Unforgettable: South Georgia man holds on to true love

Unforgettable: South Georgia man holds on to true love
Published: Sep. 5, 2017 at 6:09 PM EDT|Updated: Jan. 19, 2018 at 5:30 PM EST
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REIDSVILLE, GA (WTOC) - True love. Everyone searches for it. The lucky few actually find it.

That unforgettable, one person. And, if it's true that a picture is worth a thousand words, imagine the stories this picture could tell.

We did. That's 93-year-old Clarence Purvis enjoying lunch with his late wife, Miss Carolyn.

The photo out of Reidsville is now making the rounds on social media. But it's the story behind the picture that is truly unforgettable.

Clarence met his one true love in 1948.  She was just 16 years old. Carolyn Todd was a Glennville High School senior when 24-year-old Clarence swept her off her feet. The two married the next year. And would spend the next 63 building a life, building a family and building a love like few will never know.

For the last 13 years, Clarence and Carolyn have dined at one of Reidsville's hottest lunch spots, Smith's Restaurant.

"Ain't nobody loved one another more than me and my wife loved one another," Clarence tells me. "I wanted what she wanted and she wanted what I wanted."

In October of 2013, she stopped coming with Clarence. Well, sort of. You see, Clarence was not giving up his lunch partner.

"She was always with me when we were livin'. She's with me now."

Since then, you will still find Clarence at his favorite table enjoying the day's special, with the love of his life.

"He's a part of this restaurant. He is a part," says Joyce James, the restaurant's owner.

She says Clarence has touched the hearts of hundreds here. And has left many more wondering, how does one find that kind of love?

"I asked my husband, I said, 'You know if something happened to me, will you put my picture on the table?' He said, 'I don't think so dear.' He said, 'I love you but, that might be a little much,'" James said.

Many have tried to convince Clarence he's just lonely and needs a new love.

"They said if I get me a girlfriend things will be better," Clarence explains. "I could ask her, could I get me a girlfriend? You know what she'd say? If you want too. That's how we operated."

Clarence made a career of working on other people's cars, says he did it better and cheaper than anyone else. Folks around here will tell you the two were generous friends and the friendliest of strangers.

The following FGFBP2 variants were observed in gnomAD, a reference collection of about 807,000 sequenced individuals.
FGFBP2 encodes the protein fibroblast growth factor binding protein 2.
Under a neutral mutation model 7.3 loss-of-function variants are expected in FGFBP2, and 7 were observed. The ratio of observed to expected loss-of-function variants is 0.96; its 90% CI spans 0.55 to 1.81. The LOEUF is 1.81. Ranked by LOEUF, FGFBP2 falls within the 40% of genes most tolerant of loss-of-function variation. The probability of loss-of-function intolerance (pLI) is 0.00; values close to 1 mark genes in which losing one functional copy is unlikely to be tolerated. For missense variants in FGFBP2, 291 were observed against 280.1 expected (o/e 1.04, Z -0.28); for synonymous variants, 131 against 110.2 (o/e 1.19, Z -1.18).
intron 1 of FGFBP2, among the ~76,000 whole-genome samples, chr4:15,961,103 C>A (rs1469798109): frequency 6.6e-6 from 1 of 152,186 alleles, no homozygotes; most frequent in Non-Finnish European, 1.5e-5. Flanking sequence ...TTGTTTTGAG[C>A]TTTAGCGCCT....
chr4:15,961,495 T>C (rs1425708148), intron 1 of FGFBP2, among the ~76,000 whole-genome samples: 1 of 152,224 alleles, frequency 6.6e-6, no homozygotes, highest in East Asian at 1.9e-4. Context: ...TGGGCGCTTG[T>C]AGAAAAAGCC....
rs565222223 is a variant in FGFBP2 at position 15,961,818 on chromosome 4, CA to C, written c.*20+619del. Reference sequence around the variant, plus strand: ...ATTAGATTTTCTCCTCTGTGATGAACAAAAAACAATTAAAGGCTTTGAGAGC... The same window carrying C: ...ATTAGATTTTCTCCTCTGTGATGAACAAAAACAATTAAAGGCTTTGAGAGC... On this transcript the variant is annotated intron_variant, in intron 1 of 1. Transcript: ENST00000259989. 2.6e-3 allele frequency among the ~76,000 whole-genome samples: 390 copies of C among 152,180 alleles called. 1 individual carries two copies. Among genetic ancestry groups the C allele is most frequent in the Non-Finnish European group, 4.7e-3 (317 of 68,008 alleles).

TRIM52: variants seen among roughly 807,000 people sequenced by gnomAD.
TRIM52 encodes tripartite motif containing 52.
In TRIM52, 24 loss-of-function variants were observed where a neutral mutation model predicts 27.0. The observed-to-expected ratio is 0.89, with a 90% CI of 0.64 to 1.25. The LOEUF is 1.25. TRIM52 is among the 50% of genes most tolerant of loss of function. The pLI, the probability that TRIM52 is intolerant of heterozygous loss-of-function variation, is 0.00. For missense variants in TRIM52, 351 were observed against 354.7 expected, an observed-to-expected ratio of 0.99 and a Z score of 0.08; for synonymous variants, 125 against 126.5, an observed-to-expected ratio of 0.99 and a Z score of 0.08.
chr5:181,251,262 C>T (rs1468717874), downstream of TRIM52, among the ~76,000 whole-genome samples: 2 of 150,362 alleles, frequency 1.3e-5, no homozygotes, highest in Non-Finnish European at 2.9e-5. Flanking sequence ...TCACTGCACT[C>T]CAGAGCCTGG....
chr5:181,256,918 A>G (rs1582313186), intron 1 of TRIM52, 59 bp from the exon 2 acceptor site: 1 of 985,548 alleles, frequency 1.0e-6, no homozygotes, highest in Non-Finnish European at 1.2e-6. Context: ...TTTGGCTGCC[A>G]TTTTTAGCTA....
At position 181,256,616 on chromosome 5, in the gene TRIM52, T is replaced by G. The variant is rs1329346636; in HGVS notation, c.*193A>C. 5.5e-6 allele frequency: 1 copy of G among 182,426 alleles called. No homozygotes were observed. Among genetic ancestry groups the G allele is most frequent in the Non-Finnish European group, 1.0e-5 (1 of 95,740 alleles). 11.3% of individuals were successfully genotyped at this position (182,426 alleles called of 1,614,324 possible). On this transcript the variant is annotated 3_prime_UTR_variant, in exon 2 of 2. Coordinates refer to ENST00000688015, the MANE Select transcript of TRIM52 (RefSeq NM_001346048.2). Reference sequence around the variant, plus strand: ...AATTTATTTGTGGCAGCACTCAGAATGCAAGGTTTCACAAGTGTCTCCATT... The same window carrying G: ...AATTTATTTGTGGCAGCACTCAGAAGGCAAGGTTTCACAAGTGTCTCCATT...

Clarence loves working now that he doesn't have to. He still does yard work for the church, for neighbors. Many times, for free.

But his down time is still dedicated to true love. Inside his modest Glennville home, Clarence points to a stained-glass lamp on the television cabinet. He says Carolyn always loved the light it produced. Her picture is propped against the base.

"This here, that lamp ain't never turned off, not since she came out of the hospital five months before she passed."

This living room is a shrine to a million memories, a perfect union and a once in a lifetime, that lives in a 93-year-old heart that is still very full.

"Eat lunch, come back, watch television, go to bed, love one another. What more you want? Go to church. We had everything we wanted."

At least four times a day, Clarence drives his 20-year-old Mercury to the Glennville Cemetery, pointing out folks he knows as we make our way through the neighborhood.

"They good people. And her dad used to be the Sheriff."

This is his best time with Carolyn. Between the routines, the lunches and lawns and whenever he needs to feel her presence.

"I imagine I come 125 times a month."

I asked him why he comes so often.

"I love her that much. And miss her that much. And think she would with me."

Clarence knows some might see his brand of grieving as a bit extreme. But to him, true love never has a happy ending, because true love never ends.

At the gravesite, Clarence gets down on his knees, removes his hat and kisses the tile portrait of Carolyn attached to the marble headstone. And he talks to his wife.

"I love you, baby. I wish you could go home with me. Come on let's go. You can't go or you would, wouldn't you? I would stay in your place."

Clarence Purvis told me he never served in the military because he could never read or write. Still can't.

But every year he travels to several local cemeteries to plant American flags at the graves of veterans. It's his service to them.

And you probably noticed, he keeps Carolyn's grave-site immaculate. He's a bit of a perfectionist when it comes to her. After all, he'll tell you that being someone's first love is great. But being someone's last is beyond perfect.

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